Most notably for new patients, we’ll need some way to get documents (that would typically be in the patient packet) filled up and/or signed. Some services allow forms to be filled up online as well as accept eSignatures if necessary. Some of these are integrated with the EMR’s or the telemedicine platform.
Some documents, like drivers’ licenses, can be displayed on the screen during the tele-visit. Most platforms will allow you to take snapshots. Additional documents, like telemedicine consent forms, will most likely be required as well.
Soon after adopting a telemedicine platform and seeing a lot of happy patients, the doctor asked the medical assistant, “how are we getting paid?”.
First, there’s no physical front desk counter where a patient can swipe their credit cards for their co-pays (or full cash pay).
Second, there are nuances for billing for telemedicine consultations that should be considered. Sans a federal or state waiver, telemedicine may inadvertently invite out-of-state patients.
For patient payments, check if your current merchant services can allow you (or your assistant) to manually enter charges to a secure portal or if they can have a “widget” that you can put on your website for patients to fill up. Many EMR’s and Telemedicine platforms can provide these as well.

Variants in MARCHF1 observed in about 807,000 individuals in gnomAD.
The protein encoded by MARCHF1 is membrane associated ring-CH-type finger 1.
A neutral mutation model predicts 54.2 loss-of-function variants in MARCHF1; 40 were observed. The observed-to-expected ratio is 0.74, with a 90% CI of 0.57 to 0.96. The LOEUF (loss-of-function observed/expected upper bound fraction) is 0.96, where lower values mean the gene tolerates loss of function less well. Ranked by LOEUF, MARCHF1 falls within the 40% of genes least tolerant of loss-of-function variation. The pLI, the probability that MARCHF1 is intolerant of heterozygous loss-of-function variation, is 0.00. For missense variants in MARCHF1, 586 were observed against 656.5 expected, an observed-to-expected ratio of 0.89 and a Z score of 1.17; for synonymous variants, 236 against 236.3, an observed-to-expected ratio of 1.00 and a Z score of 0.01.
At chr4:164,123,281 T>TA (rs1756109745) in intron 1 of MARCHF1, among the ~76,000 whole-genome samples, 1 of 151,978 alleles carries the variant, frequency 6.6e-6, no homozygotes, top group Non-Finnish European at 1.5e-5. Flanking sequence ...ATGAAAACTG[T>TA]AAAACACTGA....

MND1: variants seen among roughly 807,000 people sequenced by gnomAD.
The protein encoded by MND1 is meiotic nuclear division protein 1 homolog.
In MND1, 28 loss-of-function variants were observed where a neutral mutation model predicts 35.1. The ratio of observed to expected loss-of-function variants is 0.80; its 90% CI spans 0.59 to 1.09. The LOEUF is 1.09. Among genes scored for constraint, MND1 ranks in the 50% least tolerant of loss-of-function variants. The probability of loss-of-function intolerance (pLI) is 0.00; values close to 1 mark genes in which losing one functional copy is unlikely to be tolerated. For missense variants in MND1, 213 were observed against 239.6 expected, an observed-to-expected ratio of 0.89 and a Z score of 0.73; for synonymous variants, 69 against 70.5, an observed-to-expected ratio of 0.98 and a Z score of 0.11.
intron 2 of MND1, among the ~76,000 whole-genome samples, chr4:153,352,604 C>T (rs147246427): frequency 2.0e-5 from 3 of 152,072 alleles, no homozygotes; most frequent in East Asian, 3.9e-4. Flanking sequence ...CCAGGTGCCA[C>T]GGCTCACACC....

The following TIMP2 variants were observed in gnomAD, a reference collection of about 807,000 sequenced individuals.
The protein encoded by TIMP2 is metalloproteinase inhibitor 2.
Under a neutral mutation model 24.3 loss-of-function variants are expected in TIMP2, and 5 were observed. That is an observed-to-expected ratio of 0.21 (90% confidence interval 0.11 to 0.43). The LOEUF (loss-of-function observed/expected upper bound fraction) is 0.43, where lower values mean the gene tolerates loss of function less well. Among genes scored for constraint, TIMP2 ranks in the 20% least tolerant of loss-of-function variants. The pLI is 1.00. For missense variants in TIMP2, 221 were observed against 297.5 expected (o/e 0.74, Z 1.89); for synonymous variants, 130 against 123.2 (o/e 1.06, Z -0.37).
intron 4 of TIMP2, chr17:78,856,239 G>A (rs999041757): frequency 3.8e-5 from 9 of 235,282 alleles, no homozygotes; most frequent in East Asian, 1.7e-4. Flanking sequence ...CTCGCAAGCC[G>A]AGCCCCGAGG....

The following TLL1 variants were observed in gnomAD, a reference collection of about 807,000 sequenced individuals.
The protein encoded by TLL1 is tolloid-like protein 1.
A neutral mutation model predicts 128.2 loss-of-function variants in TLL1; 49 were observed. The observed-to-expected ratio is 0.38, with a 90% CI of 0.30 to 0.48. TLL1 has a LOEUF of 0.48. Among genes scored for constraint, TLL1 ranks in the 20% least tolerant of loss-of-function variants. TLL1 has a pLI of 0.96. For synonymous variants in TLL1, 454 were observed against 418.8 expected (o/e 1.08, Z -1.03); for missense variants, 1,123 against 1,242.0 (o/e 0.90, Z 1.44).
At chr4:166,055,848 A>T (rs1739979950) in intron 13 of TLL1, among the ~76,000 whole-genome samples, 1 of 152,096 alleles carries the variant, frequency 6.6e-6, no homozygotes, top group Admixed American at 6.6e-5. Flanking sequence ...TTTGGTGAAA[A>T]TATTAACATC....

As a principle, you need to be licensed in the state where your patient is located. You may apply for licenses across multiple states and some recent regulations allow doctors to practice across state lines. There have been many waivers to this requirement due to the current pandemic so do check your local boards and professional associations for more guidance.
For insurance payments, do familiarize yourself with the appropriate procedure codes and modifiers (if applicable) for telehealth. Note that some telehealth services will not count as consultation, like communicating test results, scheduling appointments, and other interactions that do not involve evaluation and management or care management. Ask your biller for the appropriate codes and documentation support requirements.
I worked with a psychiatrist who set up a completely virtual practice where the entire chain of care and revenue cycle is cloud-based. She had among the lowest per visit business costs that I’ve seen but was one of the most responsive in terms of communications and services.
You do not need to go completely virtual or see all your patients via telemedicine to enjoy benefits like simpler operations and reduced costs. You can start by seeing a few patients via telehealth and go through the entire process.
This is a good project to start now; just consider the five P’s to help make sure you have all your bases covered. Good luck!